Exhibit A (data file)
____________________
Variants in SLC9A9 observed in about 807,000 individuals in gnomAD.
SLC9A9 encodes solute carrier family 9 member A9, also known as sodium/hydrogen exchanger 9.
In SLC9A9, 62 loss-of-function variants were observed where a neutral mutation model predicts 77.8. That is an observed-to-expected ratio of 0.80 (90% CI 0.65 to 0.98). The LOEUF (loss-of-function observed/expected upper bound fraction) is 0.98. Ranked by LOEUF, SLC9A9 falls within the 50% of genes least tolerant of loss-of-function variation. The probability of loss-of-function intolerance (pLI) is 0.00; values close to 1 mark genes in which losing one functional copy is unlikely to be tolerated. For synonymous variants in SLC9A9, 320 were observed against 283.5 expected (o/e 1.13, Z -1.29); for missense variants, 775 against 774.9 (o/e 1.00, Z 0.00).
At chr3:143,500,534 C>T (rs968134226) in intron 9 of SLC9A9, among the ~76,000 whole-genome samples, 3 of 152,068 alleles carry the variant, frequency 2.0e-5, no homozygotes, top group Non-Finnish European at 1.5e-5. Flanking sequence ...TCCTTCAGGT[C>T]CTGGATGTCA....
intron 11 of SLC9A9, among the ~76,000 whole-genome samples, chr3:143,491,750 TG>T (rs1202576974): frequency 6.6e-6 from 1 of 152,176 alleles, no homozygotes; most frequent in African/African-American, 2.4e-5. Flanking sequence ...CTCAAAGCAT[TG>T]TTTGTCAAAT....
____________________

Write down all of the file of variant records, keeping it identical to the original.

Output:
Variants in SLC9A9 observed in about 807,000 individuals in gnomAD.
SLC9A9 encodes solute carrier family 9 member A9, also known as sodium/hydrogen exchanger 9.
In SLC9A9, 62 loss-of-function variants were observed where a neutral mutation model predicts 77.8. That is an observed-to-expected ratio of 0.80 (90% CI 0.65 to 0.98). The LOEUF (loss-of-function observed/expected upper bound fraction) is 0.98. Ranked by LOEUF, SLC9A9 falls within the 50% of genes least tolerant of loss-of-function variation. The probability of loss-of-function intolerance (pLI) is 0.00; values close to 1 mark genes in which losing one functional copy is unlikely to be tolerated. For synonymous variants in SLC9A9, 320 were observed against 283.5 expected (o/e 1.13, Z -1.29); for missense variants, 775 against 774.9 (o/e 1.00, Z 0.00).
At chr3:143,500,534 C>T (rs968134226) in intron 9 of SLC9A9, among the ~76,000 whole-genome samples, 3 of 152,068 alleles carry the variant, frequency 2.0e-5, no homozygotes, top group Non-Finnish European at 1.5e-5. Flanking sequence ...TCCTTCAGGT[C>T]CTGGATGTCA....
intron 11 of SLC9A9, among the ~76,000 whole-genome samples, chr3:143,491,750 TG>T (rs1202576974): frequency 6.6e-6 from 1 of 152,176 alleles, no homozygotes; most frequent in African/African-American, 2.4e-5. Flanking sequence ...CTCAAAGCAT[TG>T]TTTGTCAAAT....